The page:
When I am working with a client, I am often not sure what to do next. Clients come to me with all sorts of problems, and expect me to know how to fix them. Quite often I don't know. Over the years I have come to realise that there are two sources you can go to for help. They both involve asking the expert. So who is this expert? Actually there are two. One is your own unconscious mind, and the other is the client.
Asking the expert - the client
Always bear in mind that the client comes to for a reason, and knows exactly what they want, even if you don't. And the client is the expert. Nobody knows more about their problem than they do. So I ask the expert what to do.
The way I do this is to use the equivalent of the My Friend John induction as hypnotherapy.
I ask the client to tell me what they would do if they were in my seat.
I ask them 'How would you go about dealing with this problem?'. 'What would you able to try to make you feel better?'. 'How could the situation be seen differently if you took different perspectives?'
You can also ask the client the Miracle Question 'If everything you wanted happened to you overnight, what would be different when you woke up? What would see, what would you feel, how would you know that it had happened?'.
You will be surprised at how inventive your client can be. Even if they don't come up with a complete solution, they will often suggest a way forward that you haven't thought of.
Ask the expert - Your own subconscious
The other expert is you. At least the part of you that holds all your expertise and intuition. Part of hypnotherapy professional practice is being comfortable with ambiguity, and uncertainty. Therapists don't have all the answers. You sometimes have to wing it. And that is exactly what I do.
I listen to the client describe what they want, what they feel, what they have tried. Even if I'm not aware of it, my unconscious mind is thinking about this and assessing various possibilities. As the client talks, various words and phrases will strike you as being of particular interest and importance. When I consider how to go about the therapy part, I read over my notes. And I take a moment to think about those words and phrases. This primes my unconscious mind, and sets up images and associations at the unconscious level.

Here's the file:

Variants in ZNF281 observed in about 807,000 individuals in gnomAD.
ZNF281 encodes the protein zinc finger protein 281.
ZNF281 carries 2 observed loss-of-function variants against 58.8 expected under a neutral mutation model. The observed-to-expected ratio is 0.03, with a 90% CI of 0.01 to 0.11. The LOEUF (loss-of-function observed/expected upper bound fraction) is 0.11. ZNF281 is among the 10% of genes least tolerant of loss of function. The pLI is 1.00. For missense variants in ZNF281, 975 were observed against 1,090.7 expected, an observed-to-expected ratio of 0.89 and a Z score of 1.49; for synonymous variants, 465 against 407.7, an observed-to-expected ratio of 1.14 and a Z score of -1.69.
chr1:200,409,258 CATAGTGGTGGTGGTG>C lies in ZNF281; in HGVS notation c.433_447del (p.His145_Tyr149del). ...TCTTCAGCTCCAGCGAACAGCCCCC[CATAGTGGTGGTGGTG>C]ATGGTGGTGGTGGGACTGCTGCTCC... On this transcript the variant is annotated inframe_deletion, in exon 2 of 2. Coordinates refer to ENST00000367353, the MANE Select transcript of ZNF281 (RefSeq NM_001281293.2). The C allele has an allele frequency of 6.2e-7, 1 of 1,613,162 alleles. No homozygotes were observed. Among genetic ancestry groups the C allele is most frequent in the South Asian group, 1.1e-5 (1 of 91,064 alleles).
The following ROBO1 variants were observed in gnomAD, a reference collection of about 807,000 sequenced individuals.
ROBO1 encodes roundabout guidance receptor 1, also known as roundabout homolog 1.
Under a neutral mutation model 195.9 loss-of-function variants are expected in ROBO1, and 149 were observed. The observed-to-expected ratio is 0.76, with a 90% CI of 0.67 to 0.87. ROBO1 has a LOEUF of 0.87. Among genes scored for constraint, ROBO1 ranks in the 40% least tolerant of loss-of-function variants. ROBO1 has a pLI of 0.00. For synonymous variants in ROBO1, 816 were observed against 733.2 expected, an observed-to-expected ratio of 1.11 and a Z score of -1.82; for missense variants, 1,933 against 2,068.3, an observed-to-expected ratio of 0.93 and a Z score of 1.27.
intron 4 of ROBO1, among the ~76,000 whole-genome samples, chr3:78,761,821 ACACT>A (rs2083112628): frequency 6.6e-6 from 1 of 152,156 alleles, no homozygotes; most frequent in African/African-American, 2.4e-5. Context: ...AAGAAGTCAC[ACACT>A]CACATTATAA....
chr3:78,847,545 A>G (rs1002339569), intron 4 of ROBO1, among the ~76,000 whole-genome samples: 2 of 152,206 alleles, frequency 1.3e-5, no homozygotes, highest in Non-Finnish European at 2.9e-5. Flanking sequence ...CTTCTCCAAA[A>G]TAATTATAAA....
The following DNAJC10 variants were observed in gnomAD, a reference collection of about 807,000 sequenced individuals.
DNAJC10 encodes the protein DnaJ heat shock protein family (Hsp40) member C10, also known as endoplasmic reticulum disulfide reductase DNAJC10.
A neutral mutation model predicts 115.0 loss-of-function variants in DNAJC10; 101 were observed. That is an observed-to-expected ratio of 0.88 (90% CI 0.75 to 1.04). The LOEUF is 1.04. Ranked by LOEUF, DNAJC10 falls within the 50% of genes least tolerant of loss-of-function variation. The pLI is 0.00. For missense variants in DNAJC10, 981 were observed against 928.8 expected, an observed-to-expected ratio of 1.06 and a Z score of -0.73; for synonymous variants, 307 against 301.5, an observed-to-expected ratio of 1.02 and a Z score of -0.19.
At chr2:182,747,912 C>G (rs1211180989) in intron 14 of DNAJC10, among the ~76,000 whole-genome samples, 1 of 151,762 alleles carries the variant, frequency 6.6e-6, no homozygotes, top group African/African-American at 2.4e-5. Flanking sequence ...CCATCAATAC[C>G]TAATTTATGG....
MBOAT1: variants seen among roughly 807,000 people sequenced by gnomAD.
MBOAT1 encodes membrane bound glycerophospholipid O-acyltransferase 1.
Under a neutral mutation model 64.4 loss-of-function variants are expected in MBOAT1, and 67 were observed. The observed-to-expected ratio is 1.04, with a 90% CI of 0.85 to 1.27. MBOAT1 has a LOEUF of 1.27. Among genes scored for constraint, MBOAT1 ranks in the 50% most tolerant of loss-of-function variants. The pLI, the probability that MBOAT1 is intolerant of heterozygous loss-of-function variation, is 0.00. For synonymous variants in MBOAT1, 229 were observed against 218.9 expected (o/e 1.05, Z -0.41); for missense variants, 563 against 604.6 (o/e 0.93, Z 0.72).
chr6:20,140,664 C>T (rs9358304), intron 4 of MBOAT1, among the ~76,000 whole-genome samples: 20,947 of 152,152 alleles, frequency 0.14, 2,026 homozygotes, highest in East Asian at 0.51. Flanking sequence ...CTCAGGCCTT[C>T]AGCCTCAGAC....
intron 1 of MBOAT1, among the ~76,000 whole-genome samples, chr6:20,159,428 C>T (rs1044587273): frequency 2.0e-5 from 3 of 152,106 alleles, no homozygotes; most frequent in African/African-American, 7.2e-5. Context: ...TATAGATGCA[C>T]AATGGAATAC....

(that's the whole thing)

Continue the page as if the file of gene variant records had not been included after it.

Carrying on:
Then I start on the induction. I guide the client into trance, deepen, and tester make sure the client is somnambulistic. I find that by the time I put the client into trance, there is always something that occurs to me as a way forward. Something will suggest itself to me from the workings of my unconscious mind. It may be an image, and I was start describing the image. Usually this turns into a metaphor that I develop for the client. Sometimes I would just repeat the word or phrase, and again something will resonate with me and my unconscious mind will guide me in what to do.
It's always good to ask the expert in the room.
A client phoned me and asked if I was able to help overcome a fear of dentists. This client has totally rotten teeth but just cannot bring himself to go near a dentist. Fear of dentists is basically a simple phobia. Phobias are created when something dramatic happens to you, that makes you experience a deep and sudden fear.
Your unconscious mind creates a powerful association between the event and that fear. And forever thereafter your unconscious mind does everything possible to keep you away from that situation, or anything that is similar to that situation. If it means that your unconscious gives you a terrifying fear of dentists, then that keeps you away from them, and your unconscious mind has done what it should do – it has kept you safe.
I have dealt successfully with many people with the fear of dentists. It is usually not a needle phobia, it is a generalised fear of being near a dentist at all. When I questioned the client about the origin of this fear in every case it can be traced back to a specific time in childhood. For some reason, the client was taken to the dentist and got spooked. The child did not want some stranger poking round his mouth, sticking needles in, giving him pain, whatever. The child just wanted to get out of there and go home with his mother.
The origin of the phobia
What actually happened next was that the child is forcibly restrained, held down and operated on. The result was a child who is frightened of a strange situation, by strange people, and a link to pain and the knowledge that he can't get away. It is the "can't get away" part which is most important. The phobia is a combination of feeling trapped and knowing that you are going to get hurt. Your mind knows that this is going to happen, and so does everything possible to stop you getting into that situation again.
It is no different from a fear of public speaking. Fear of public speaking can usually be traced back to an incident at school. The child was suddenly asked to say something, said what they thought was right, and then got humiliated by the teacher. The humiliation was totally unexpected, and undeserved, and every other member of the class laughed at them. It's the same combination of pain, unexpected, and being unable to get out of the situation.
The way to deal with the fear of dentists is to go back to the source. Using regression, or other techniques, you get the client to experience the fear in your chair. Then you lead the client through the situation again. But this time you allow the client to feel that they are in charge, that they can control it, that they decide what happens.
When you do that you get rid of the unconscious association and allow the client to react naturally and rationally. The phobia is then instantly cured.
Nothing to it really, when you know how to deal with it.